For our October Cog Night we watched a live-stream of James Graham’s play about the Covid-19 pandemic. Ed shares his account of the evening.
Bubble at Nottingham Playhouse
Writers – of novels, TV shows, films and plays – are faced with a difficult decision at the moment.
Should they be producing work that addresses the seismic disruptions caused by the pandemic, or should they write material that distracts from recent events, providing an escapist break from our shared trauma?
In his new play Bubble, which we enjoyed remotely for our October Cog Night, James Graham has squared the circle and achieved both.
Graham has been at the height of his creative powers in recent years. His writing is approachable but packs a punch and he has a talent for telling important stories well. Since mid-March, he’s been a high-profile lobbyist for the arts. The billion pound bailout of the sector over the summer is, I am convinced, in no small part thanks to his advocacy.
Bubble was staged for two nights and a matinee as part of Nottingham Playhouse’s ambitious ‘Unlocked’ seasons of live-streams and in-person performances (with socially distanced audiences in the theatre).
We recently designed and built a new website for Nottingham Playhouse, so we were delighted to be able to enjoy some of their world-class work.
The play follows the relationship of Ashley (Pearl Mackie) and Morgan (Jessica Raine) who, after a particularly good first date in March, must decide whether or not to lock-down together.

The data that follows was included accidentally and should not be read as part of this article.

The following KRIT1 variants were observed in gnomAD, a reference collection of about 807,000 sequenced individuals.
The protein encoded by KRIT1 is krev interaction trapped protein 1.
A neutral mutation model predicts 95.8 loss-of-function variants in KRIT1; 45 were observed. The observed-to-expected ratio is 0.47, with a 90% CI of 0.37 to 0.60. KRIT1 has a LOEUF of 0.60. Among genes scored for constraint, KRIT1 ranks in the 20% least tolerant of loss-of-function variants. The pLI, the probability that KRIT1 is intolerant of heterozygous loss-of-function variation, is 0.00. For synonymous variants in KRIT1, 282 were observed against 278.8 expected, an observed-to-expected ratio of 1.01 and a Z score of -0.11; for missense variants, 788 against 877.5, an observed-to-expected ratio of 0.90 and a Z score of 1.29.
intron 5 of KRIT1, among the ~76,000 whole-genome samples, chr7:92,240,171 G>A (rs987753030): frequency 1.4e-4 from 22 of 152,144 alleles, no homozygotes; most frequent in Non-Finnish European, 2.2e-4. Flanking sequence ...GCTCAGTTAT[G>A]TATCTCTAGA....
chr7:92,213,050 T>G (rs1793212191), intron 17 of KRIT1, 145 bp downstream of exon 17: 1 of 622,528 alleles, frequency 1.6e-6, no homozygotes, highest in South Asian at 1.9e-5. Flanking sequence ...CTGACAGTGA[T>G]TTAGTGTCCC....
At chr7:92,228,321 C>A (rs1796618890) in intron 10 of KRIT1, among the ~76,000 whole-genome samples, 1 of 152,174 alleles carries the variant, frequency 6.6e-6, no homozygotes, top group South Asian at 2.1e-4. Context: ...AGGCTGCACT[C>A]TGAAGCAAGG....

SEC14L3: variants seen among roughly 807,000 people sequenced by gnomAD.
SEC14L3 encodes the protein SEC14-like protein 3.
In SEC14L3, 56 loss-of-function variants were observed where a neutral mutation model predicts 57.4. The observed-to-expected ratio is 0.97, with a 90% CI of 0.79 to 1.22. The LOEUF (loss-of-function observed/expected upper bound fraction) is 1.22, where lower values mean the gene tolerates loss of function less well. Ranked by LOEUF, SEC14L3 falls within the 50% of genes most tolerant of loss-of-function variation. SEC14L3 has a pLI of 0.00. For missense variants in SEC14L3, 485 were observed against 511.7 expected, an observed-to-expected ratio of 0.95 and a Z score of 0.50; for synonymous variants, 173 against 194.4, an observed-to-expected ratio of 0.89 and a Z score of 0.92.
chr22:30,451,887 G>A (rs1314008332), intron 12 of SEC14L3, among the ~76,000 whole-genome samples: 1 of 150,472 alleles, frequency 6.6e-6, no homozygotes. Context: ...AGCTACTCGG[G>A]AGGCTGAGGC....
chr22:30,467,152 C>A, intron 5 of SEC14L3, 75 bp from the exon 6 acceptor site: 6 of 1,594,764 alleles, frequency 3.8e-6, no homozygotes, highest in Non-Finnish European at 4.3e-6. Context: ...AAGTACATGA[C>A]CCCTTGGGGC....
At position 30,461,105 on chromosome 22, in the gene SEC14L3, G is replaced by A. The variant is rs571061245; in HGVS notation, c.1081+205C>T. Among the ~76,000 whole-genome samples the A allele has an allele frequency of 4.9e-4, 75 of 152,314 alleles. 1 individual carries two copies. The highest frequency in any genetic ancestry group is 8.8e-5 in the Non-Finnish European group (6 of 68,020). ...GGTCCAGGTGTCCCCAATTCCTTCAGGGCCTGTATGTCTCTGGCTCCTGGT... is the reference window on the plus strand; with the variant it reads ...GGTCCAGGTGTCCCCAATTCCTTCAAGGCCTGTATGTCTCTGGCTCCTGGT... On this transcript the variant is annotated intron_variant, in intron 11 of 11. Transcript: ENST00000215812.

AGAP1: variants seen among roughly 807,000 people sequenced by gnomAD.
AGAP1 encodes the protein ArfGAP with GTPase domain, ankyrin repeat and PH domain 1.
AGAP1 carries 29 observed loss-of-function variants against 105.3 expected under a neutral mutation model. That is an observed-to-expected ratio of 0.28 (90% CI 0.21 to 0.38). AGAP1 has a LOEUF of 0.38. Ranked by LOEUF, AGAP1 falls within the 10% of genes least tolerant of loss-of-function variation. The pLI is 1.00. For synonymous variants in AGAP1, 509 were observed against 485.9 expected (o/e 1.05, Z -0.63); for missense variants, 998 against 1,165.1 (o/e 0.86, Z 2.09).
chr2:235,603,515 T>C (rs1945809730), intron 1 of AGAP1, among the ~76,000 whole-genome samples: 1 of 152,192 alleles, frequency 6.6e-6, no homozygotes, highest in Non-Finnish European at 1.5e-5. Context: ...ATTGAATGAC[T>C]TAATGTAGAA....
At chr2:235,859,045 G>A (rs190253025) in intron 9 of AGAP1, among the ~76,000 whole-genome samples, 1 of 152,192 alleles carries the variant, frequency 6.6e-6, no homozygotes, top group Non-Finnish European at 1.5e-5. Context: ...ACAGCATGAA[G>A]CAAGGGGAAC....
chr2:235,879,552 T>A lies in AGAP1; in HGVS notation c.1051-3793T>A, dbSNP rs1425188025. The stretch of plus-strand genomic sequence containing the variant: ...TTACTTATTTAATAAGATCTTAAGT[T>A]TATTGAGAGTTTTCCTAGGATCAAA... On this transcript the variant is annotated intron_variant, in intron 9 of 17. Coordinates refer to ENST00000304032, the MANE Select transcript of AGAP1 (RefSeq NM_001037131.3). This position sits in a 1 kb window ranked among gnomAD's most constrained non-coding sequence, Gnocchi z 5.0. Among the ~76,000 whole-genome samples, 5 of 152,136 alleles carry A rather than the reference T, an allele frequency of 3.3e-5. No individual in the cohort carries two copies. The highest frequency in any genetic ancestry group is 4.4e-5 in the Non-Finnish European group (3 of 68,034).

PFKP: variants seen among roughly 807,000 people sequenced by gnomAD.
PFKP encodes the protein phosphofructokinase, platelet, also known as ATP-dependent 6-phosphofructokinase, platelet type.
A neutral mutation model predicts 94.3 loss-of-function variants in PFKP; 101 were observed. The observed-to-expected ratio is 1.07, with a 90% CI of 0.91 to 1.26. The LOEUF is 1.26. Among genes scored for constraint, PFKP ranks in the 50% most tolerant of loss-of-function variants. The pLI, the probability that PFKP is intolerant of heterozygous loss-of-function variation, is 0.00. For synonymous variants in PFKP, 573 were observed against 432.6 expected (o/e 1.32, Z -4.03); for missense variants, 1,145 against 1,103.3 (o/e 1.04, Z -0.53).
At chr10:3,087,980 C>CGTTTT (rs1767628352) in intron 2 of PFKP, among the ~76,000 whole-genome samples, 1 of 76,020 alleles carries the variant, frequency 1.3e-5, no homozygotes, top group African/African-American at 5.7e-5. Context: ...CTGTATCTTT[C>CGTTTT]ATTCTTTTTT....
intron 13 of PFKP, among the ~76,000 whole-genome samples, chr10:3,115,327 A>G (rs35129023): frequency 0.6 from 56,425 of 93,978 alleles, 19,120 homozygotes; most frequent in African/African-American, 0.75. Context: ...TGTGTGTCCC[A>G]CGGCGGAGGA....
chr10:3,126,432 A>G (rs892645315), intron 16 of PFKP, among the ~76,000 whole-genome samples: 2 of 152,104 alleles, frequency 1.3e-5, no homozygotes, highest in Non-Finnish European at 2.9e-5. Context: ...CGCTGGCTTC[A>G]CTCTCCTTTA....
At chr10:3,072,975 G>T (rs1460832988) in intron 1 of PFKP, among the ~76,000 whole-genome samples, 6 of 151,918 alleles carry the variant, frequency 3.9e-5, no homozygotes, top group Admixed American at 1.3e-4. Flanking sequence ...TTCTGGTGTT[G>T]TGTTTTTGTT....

We are shown alternative timelines: in one the couple hunker down together in Morgan’s studio flat, whilst in the other they remain apart and rely on social media and video calls to talk to each other.
The show was peppered with topical references to the events of the last few months. These were often played for comic effect (“Zoom? Never heard of it”), but Graham also finds poignancy in communal moments like the Thursday clap for carers.
Whilst these nods to the Covid zeitgeist were entertaining, Bubble was at its best away from the allusions to the pandemic. Its stand-out moments weren’t winks to the audience about running out of toilet roll, but the well-studied details that coloured its central relationship: ice skating on a first date, a premature “I love you”, being “sort of vegan”.
Pearl Mackie brought a dry wit to charming yet acerbic micro-pub owner Ashley, which brilliantly dovetailed with Jessica Raine’s charming portrayal of Morgan, fizzing with insecurity. Both characters were well written and exceptionally well performed.
Mackie and Raine also overcame the limitations of socially distancing staging, which could have sunk the production in less capable hands. Full marks to Nottingham Playhouse’s Artistic Director, Adam Penford, and the team for managing that.
I suspect in years to come Bubble will enjoy revival after revival. It’s a well observed sketch of the strangeness of life in 2020 that will improve with age.
For the moment though, as the country sinks into a second lockdown and the restrictions of the pandemic still dominate our lives, Bubble‘s tender depiction of two people falling in love provided the evening of theatrical escapism we all needed.
Illustration by Sam Osborne for our Cultural Calendar.